Guess where I am?
Yes, behind my dog, taking a picture from my front porch steps. But that was yesterday.
Right now, I'm in the mountains in my new house, drinking coffee made with well water and looking for a bear in the creek in my back yard. I'm going to see one, one day. I'm so certain that I included that little fact in the author bio for my 2015 book.
"One day, she hopes to see a bear in her back yard."
It's called HIT, by the way. We changed the title from DELINQUENT to HIT, and that cover will debut at the end of March. But I digress.
I am a country mouse now.
So is the critter that crept into my garage and nibbled on the cat food.
But, again, I digress.
Everyone I meet here in the mountains asks where I'm from and why I moved here. I guess they can sense that I'm not from here originally. And I tell them all the same thing.
Because the suburbs were starting to feel like vultures, circling.
For the last ten years, I've been living within three miles of the house where I grew up in a northern suburb of Atlanta. I knew all the roads. My family was nearby. We had great movie theaters where you could press a button and have someone bring you a margarita and a grassfed burger while you leaned back in a leather recliner. The SuperTarget provided almost everything I needed, from clothes to tools to organic food to Skylanders birthday cakes. We had great schools and amazing friends and a neighborhood pool and a beautiful home.
And my husband and I spent most of our time huddled inside behind closed curtains, hoping no one would ring the doorbell or call or send us an HOA letter for painting our house the wrong shade of slate blue.
I'm not sure when I went from friendly neighbor to weirdo hermit, but it happened. I guess when I first had kids, I needed a community. I wanted playdates and bad tennis games and sidewalks. And then I became a writer, and my kids grew up to the point that I didn't carry them around like baby koalas anymore. And then I started dreading the small talk on the way to the bus stop. I realized, one day, that I almost had a panic attack every time someone wanted to talk about the weather or the neighborhood. That I had almost nothing in common with the people living around me. Being a writer brought me in touch with who I really was, and finding my community online allowed me to be unapologetically weird. And I realized that as much as I fit in with anyone reading my blog or chatting with me on Twitter, I didn't have a lot in common with 164 of the families living in my neighborhood of 167 homes. And so I stopped going outside.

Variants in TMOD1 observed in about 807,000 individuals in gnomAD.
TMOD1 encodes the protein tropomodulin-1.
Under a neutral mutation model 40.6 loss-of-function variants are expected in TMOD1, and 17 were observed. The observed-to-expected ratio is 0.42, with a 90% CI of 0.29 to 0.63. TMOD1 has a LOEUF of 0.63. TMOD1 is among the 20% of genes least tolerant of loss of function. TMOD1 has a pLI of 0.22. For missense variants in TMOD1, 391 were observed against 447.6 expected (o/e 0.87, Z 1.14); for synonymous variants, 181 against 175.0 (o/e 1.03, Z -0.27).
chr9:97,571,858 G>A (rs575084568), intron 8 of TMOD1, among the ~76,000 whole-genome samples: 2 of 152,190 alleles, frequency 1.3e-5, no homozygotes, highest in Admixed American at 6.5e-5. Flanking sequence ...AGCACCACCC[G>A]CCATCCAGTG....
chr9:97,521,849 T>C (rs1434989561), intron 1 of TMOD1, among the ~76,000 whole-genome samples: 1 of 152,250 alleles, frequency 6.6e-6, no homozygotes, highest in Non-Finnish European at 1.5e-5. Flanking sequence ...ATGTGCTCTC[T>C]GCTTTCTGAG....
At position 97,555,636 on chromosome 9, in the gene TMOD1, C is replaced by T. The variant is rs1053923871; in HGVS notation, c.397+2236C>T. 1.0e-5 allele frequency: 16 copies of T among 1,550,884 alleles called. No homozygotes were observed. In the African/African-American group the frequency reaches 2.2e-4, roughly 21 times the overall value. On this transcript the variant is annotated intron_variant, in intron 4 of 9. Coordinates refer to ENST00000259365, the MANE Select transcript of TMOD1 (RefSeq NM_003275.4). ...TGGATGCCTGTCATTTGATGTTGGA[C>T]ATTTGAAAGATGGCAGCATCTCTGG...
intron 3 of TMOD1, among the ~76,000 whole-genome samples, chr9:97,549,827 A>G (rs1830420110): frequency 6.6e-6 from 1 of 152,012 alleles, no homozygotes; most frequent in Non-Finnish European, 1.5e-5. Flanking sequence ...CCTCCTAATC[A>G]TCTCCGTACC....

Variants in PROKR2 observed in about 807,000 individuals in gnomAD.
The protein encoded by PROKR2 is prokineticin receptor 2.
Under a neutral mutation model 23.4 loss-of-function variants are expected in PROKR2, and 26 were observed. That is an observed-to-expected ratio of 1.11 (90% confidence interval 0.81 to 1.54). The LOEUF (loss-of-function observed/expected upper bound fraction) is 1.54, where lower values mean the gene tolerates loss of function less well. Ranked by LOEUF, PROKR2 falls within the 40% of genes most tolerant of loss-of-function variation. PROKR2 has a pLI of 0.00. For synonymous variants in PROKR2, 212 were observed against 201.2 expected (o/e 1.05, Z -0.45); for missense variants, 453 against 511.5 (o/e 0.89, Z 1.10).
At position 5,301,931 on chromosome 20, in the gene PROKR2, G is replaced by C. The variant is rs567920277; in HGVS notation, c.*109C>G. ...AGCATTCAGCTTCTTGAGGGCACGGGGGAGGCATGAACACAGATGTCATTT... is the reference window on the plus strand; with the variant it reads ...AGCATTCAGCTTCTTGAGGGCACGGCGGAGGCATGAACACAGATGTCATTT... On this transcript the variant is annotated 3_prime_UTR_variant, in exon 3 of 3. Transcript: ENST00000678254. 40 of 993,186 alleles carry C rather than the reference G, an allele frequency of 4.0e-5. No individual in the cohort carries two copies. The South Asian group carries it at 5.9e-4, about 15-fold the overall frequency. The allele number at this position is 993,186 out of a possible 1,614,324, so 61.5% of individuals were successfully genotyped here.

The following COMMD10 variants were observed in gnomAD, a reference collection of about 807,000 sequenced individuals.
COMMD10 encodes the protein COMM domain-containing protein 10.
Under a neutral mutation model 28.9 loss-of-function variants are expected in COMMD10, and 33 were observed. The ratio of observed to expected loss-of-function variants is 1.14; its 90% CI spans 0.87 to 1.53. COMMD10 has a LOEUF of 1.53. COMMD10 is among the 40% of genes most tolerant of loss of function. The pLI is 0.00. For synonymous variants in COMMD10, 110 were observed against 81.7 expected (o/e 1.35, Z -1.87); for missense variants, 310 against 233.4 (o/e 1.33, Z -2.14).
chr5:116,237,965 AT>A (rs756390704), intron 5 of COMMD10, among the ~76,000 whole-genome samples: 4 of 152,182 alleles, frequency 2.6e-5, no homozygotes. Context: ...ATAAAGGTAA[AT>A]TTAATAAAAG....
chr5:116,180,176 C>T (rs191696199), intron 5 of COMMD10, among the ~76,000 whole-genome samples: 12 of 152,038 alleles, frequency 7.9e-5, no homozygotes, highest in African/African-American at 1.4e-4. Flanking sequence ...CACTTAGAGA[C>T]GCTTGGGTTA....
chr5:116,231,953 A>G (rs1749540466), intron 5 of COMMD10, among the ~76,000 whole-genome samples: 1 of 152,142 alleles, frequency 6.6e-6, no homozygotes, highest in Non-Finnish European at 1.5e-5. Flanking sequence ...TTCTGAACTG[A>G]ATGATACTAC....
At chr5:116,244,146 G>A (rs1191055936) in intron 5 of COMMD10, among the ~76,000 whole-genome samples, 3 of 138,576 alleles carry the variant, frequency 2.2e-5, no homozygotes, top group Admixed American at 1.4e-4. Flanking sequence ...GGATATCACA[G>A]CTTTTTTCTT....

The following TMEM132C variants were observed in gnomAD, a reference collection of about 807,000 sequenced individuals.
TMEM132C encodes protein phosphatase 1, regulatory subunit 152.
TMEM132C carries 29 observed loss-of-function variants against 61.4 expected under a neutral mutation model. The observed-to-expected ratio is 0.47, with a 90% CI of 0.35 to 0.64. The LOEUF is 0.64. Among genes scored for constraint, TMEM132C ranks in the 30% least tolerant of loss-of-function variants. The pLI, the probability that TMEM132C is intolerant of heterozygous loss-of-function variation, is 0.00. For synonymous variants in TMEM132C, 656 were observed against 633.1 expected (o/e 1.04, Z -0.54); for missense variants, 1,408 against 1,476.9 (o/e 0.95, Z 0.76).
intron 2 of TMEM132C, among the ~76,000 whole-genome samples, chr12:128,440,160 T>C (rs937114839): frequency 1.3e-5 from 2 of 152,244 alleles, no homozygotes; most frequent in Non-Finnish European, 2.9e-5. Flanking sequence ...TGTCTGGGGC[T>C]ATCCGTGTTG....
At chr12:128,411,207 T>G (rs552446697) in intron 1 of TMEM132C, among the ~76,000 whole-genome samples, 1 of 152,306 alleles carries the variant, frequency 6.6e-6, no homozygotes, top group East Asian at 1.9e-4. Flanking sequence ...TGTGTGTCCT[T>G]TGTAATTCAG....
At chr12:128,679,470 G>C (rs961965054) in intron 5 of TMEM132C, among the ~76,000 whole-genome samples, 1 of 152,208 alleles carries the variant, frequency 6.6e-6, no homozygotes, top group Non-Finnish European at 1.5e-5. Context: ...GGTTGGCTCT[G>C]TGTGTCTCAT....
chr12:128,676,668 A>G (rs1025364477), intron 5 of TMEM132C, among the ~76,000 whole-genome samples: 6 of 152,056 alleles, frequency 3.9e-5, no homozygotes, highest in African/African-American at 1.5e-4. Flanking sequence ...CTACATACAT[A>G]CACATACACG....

Luckily, I'm married to a psychologist, and we both realized that one of the reasons we were edging into more-than-February depression was that we were unhappy in our home. Being there made us edgy, as if our own belongings were vultures circling overhead. All the things we'd collected in seven years there weighed us down. So we were unhappy inside and unhappy outside. And the obvious answer was to move.
To the country.
Now we're an hour away from that house, living on the side of a mountain. And we're all ecstatic. We wander around, smiling. We open the doors and windows. We let the kids explore. We turn up the music. We sit on the couch and hold hands and pet the dog, provided he hasn't recently dropped a log on his favorite spot in my son's new room. Yesterday, we took off as a family to scale the hill down to our creek, a daunting task that was rewarded with beautiful rocks and fresh deer and raccoon tracks in the mud.
Last week, I wouldn't let the kids stray 20 feet off my front porch for fear of Stranger Danger, cars, and the judgmental eyes of neighbors. Now, I flap my hand at them and tell them to take the dog with 'em and look out for copperheads.
Honestly, y'all? I feel free here. I feel centered for the first time in ages.
The first day, an old man stopped by, a dog at his side. He gave us a neighborhood phone list and laughed at my dog's new 16-foot leash. "Nobody 'round here uses a leash," he said. And then he told us how happy it made him to see our kids playing outside. He's 74 and still plays softball and told us to watch out for the rogue gang of chickens that sometimes runs free in the streets.
I'm not saying there's anything wrong with the suburbs. I'm just saying that if you're an adult and you're unhappy, it pays to really look at your situation and see if there's a way to change your fate. For us, it was selling the house that felt like an albatross around our necks, dumping half of our belongings that weren't bringing us any joy, and moving to a smaller, cheaper house in the mountains where we can all spend more time in the sunshine.
Also, well water tastes awesome. I had no idea.
I think one reason I've been so prolific as a writer in the last year has been that writing was my only escape. I only hope I can keep it up, now that I'm happy again.